Poem: Hay Season

You can smell the season in the air.
The hay, cut, fluffed, lined, baled.
The leaves, suddenly colored, falling.
The perfume of flowers replace by autumn’s mold.

You can hear the season.
The rustle of leaves, suddenly dry and crisp.
The distant call of coyotes settling in for the season,
The early morning shotguns of hunters.
A dearth of tree peepers, already gone in hibernation.

You feel it.
A change in the wind. Cooler, more insistent.
The rain becomes a cutting thing.
Hints of winter in every breeze.
Only the sun, when you stand in it, remains warm,
but just barely.

The grass ceases to grow. It begins to turn brown.
The trees strip for the season.
In the morning the furnace runs
with its half burnt, half stale smell.
You drink more coffee.
The cats spend less time outside.

They know, the cats.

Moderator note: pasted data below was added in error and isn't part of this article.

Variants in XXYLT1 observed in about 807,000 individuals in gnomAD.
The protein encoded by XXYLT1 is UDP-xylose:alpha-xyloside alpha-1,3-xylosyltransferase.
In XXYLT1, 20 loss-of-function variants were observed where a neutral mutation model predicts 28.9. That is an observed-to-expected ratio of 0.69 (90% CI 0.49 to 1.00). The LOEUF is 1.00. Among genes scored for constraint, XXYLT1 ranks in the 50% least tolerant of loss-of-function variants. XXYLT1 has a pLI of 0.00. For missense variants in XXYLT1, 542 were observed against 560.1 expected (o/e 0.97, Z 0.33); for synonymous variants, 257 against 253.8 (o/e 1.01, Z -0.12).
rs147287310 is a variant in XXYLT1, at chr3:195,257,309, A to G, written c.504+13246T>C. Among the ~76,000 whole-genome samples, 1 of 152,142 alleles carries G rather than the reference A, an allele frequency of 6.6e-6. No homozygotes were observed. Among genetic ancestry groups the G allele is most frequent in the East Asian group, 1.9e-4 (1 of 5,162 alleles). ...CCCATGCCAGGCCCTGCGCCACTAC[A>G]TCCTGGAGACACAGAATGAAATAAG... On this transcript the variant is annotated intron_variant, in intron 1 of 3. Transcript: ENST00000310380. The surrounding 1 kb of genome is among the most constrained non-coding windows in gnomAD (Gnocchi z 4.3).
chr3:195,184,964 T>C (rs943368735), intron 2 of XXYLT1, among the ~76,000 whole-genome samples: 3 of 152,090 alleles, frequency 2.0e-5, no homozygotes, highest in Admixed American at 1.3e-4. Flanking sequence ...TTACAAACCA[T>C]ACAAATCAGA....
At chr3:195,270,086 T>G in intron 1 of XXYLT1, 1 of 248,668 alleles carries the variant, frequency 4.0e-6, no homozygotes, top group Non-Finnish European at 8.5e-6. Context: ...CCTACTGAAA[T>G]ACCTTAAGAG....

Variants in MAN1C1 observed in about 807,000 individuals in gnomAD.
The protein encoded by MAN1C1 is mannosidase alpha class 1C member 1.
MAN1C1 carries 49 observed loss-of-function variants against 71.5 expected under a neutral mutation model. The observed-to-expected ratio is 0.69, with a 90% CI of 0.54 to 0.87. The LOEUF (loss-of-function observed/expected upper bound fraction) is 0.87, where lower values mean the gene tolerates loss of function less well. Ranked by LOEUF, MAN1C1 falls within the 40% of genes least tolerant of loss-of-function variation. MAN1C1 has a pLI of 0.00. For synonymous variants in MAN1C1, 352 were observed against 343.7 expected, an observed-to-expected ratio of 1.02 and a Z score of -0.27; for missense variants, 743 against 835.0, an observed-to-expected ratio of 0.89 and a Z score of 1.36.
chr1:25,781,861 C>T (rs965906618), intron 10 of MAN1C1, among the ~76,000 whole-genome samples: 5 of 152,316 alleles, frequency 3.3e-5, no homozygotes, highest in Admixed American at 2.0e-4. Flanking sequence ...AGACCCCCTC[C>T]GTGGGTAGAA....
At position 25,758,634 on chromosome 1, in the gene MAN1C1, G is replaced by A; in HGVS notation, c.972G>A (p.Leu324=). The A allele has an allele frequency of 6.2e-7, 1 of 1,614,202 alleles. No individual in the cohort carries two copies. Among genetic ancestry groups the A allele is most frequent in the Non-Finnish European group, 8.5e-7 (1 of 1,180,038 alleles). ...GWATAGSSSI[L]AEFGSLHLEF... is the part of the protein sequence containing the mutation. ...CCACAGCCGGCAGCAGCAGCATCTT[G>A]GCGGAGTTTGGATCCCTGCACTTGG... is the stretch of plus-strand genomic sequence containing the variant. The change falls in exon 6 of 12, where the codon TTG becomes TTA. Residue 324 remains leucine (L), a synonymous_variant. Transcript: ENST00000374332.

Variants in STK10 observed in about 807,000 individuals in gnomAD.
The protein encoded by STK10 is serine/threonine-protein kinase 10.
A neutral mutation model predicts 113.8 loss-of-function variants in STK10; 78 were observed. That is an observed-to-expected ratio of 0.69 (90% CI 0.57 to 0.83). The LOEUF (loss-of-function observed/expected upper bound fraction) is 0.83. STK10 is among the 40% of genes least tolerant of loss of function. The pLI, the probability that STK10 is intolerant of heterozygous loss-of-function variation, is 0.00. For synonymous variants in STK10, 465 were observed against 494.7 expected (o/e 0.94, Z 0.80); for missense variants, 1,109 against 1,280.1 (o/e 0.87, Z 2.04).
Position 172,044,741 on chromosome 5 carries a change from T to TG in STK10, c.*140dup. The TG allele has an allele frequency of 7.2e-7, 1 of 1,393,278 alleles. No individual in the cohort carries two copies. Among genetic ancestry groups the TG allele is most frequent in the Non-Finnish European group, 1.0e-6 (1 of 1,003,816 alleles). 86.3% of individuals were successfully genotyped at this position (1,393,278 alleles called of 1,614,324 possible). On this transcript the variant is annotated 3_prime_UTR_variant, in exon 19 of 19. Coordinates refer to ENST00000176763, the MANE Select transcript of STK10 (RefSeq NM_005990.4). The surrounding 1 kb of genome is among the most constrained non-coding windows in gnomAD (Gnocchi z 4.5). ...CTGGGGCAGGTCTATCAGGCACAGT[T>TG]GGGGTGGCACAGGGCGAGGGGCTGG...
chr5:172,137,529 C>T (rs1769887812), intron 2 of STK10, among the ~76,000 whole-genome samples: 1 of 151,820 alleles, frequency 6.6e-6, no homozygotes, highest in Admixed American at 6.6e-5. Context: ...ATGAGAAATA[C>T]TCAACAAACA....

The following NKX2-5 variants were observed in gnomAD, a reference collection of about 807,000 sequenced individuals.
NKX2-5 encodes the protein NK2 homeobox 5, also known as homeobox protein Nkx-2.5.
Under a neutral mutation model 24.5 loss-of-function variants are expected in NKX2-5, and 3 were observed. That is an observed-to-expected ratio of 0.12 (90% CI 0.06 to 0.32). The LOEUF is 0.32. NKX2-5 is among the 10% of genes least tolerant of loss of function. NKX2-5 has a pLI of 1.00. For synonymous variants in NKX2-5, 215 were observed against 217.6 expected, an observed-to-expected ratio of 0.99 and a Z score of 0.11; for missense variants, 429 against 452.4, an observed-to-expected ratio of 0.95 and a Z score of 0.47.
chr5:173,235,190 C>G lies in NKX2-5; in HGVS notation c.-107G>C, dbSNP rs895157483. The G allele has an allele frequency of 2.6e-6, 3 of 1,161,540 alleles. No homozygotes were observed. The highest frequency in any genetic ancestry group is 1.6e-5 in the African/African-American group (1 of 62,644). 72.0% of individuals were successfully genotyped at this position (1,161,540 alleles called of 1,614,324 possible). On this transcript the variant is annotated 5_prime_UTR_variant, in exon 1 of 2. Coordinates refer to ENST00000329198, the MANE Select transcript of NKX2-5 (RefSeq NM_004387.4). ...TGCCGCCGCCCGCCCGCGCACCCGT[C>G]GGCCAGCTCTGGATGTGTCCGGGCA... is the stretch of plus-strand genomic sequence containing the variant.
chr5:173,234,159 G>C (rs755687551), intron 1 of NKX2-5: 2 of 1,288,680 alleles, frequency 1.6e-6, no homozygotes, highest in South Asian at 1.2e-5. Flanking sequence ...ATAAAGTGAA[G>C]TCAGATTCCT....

They know before you that change is coming.
They allow it’s change. A matter of fact
not worth the complaining.

Better to simply rejoice in how far you can see
without leaves blocking your way;
to plant for the spring;
enjoy the rediscovery of cuddling in bed
later in the morning,
that extra warmth that holds you through
each winter.

About this poem.

The woman I love and I were talking late last night about all the changes in our lives in the few short years we have been together, many of them hard. Most of them hard. And too, our gratitude in having found each other just as all those changes erupted, and being able to lean on each other’s love in this time.

Seasons change. Life changes. Love is forever.


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